Lenten Reflection: A Time of Healing and Hope by Rev. David Johnson
The devotions and traditions of Lent present opportunities for reflection on the meaning of Christ’s sacrifice for us. It is a time for somber contemplation and repentance as we focus on the need for God’s grace and seek to respond anew to God’s presence in our lives and in the world. For advocates of Middle East peacemaking, the situation in the Holy Land today exudes danger and despair, even as the scene on the world’s diplomatic stage signal some positive forward movement.
Churches for Middle East Peace is pleased to present a Lenten reflection authored by Rev. Dr. David L. Johnson, a member of CMEP’s Leadership Council. The reflection is offered on the heels of Ash Wednesday and in anticipation of the start of Eastern Orthodox Lent on Monday, March 2. Rev. Johnson encourages us during this Lenten season to continue to offer our prayers “fervently and frequently” for peace between Israel and the Palestinians while recognizing our role as “peacemakers and advocates of reconciliation, the very tools of our own spirituality under renewal in this season.”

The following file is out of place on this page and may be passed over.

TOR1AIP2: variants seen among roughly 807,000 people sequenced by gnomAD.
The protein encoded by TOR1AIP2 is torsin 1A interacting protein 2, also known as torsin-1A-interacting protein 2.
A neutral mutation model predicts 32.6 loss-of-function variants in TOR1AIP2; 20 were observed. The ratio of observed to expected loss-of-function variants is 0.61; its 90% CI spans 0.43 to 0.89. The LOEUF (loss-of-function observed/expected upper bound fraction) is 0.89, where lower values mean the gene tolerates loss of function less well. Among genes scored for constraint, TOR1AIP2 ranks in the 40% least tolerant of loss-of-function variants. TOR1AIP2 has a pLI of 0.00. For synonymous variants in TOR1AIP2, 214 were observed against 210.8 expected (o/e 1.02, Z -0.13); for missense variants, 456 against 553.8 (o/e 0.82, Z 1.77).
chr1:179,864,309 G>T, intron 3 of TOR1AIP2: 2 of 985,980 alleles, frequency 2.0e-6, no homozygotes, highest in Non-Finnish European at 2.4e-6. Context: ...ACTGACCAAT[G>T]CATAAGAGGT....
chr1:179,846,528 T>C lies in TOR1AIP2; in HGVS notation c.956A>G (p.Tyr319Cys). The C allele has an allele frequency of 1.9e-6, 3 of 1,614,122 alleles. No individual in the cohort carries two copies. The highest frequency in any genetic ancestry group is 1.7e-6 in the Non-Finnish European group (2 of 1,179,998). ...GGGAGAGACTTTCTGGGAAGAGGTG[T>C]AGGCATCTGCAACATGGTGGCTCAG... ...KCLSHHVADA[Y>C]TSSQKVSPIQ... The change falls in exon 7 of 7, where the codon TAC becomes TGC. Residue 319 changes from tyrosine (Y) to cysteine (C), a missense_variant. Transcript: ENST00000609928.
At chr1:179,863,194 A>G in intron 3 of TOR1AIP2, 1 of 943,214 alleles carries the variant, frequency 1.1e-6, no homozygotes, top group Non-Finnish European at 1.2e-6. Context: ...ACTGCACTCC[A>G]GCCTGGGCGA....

About the Author: Rev. Dr. David L. Johnson, a member of CMEP’s Leadership Council, is a retired Lutheran pastor with a long history of involvement in church and ecumenical efforts, especially related to the Middle East. Rev. Johnson served as a parish pastor for an international and ecumenical congregation in Cairo, Egypt and for nine years he served the Lutheran World Federation as its Representative and Field Director in Jerusalem and the West Bank, overseeing medical, educational and social services for Palestinians, including the Augusta Victoria Hospital on the Mount of Olives. Most recently, from April through October of 2008, Rev. Johnson served as the Acting Regional Director in the Middle East for the American Friends Service Committee (Quakers), residing in Amman, Jordan and traveling extensively in the region. Rev. Johnson received the Bachelor of Arts degree from Gustavus Adolphus College, St. Peter, Minnesota and the Master of Divinity degree from the Lutheran School of Theology in Chicago. He was also awarded an Honorary Doctor of Divinity degree from the Gurukul School of Theology and Church Administration in Chennai, India for work among the marginalized.